Stable political situation
Oman – an absolute monarchy – is currently ruled by Sultan Qaboos bin Said al Said. The sultan rules largely by royal decree and, besides being the Head of State, he is also the Head of the Government, the Minister of Foreign Affairs and the Minister of Defence. Meanwhile, the Omani parliament has a solely consultative role. The 79-year-old sultan came to power in 1970 by overthrowing his father and since then he has set the country on a strong path towards development. However, he has been ill for a long time and rarely appears in public.
While Sultan Qaboos enjoys strong popular support, the country has not been immune to protests, which erupted during the years of the Arab Spring. These were managed by increasing economic handouts and initiating a constitutional reform programme. In recent years, protests have also erupted, aimed at the modest fiscal consolidation efforts of the government, and to voice discontent over social factors such as the stubbornly high unemployment rate. The government has again responded through economic handouts, reversing part of the reforms and implementing some quick government reshuffles. However, overall, the political situation has remained stable.
The health of the Sultan is a source of uncertainty given that he has been relatively absent from public life and his eventual succession is an issue that is still up in the air for the country due to the central role he plays. A possible succession would firstly involve a meeting of the family council and, subsequently, if there was no agreement over a successor, the opening of a sealed letter written by Qaboos which would contain the names of two people in order of preference. However, it has recently emerged that Sayyid Asaad bin Tariq al Saeed, Qaboos’s cousin, seems to be lined up as a potential successor. Sayyid was named Deputy Prime Minister for Relations and International Cooperation and has been a personal representative of the Sultan since 2002.
A neutral stance in regional conflicts
In international affairs, Oman has always tried to remain neutral and to play a mediator role in conflicts. It was the only Gulf country that did not participate in the Saudi-led coalition in Yemen, which meant that the country avoided being drawn into a war that has been very costly and bloody. Instead, Oman has tried to mediate between the different factions in Yemen. The country also has historically good ties with Iran, unlike other GCC countries (except Qatar). This has enabled it to serve as a back channel during the negotiations on the Iranian nuclear agreement and the country has hosted talks between the Iranian and US governments.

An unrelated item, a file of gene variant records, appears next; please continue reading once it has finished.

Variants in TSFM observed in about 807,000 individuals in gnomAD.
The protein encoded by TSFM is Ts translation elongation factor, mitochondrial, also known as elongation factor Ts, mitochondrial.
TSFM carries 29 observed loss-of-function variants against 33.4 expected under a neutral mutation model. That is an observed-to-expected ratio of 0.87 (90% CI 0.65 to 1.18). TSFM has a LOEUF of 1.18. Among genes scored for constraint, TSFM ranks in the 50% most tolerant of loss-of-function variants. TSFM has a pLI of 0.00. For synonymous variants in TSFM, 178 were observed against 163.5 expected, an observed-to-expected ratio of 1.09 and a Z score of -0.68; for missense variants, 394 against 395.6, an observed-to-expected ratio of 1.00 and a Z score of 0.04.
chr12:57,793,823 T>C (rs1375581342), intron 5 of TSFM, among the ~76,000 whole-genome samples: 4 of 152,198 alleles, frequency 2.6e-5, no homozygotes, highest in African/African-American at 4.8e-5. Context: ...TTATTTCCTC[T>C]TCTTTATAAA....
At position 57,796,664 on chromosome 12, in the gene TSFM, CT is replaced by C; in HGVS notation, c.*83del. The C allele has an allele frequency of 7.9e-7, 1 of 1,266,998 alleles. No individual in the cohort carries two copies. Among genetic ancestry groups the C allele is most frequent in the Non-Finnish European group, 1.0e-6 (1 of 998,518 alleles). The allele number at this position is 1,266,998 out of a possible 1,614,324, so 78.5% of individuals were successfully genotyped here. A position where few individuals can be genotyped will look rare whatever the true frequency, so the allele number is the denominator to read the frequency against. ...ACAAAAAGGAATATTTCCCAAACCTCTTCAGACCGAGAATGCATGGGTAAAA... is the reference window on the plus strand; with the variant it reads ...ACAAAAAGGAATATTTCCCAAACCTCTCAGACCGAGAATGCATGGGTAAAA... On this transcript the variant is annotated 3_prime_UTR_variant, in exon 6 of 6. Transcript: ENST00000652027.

Struggling with the reality of lower oil prices
The central issue currently impacting the Omani economy is that five years after the oil price collapsed in 2014, it has still not adapted to this shock, given the absence of any significant policy reforms. As a result, Credendo has already downgraded the medium-term political risk rating three times since 2015. The country has maintained a significant twin deficit since 2015, which has been funded through excessive external borrowing. The public deficit peaked at 21.3% of GDP in 2016, and while this may have narrowed, it still averaged a staggering 14.8% of GDP in the years 2015–2018. The current account deficit also peaked in 2016, when it reached 19.1% of GDP, but in the years 2015–2018 it still averaged 14%, which is high.
In order to fund both deficits the country has borrowed extensively and mainly externally. In 2014, Oman’s public debt level was only 4.9% of GDP; by the end of 2018 this rose to 53.4%. When we look at the total external debt evolution over the same period, the situation is even bleaker. Where external debt originally stood at 35.4% of GDP, it rose to 94% of GDP in 2018. Currently, the IMF projects the public and external debt levels to continue to increase, to 63.9% of GDP and 112.4% of GDP in 2020, respectively. The increased external debt level has thereby also led to an increase in the external debt service. Elsewhere, we can also see that the short-term debt level rose from around 7% of total current account receipts at the end of 2014 to more than 30% by June 2019. Nevertheless, gross foreign exchange reserves have so far remained stable at around 4.5 months of import coverage.
The large current account deficits, combined with the increased short-term debt and rise in external debt service, has decreased the liquidity position of Oman. Credendo therefore decided to downgrade the short-term political risk classification of Oman from category 2 to category 3 in November 2019. However, no change in the medium- to long-term political risk classification is currently envisaged. Yet, given the rise in external debt levels, the current classification is clearly under pressure.
Analyst: Jan-Pieter Laleman– email@example.com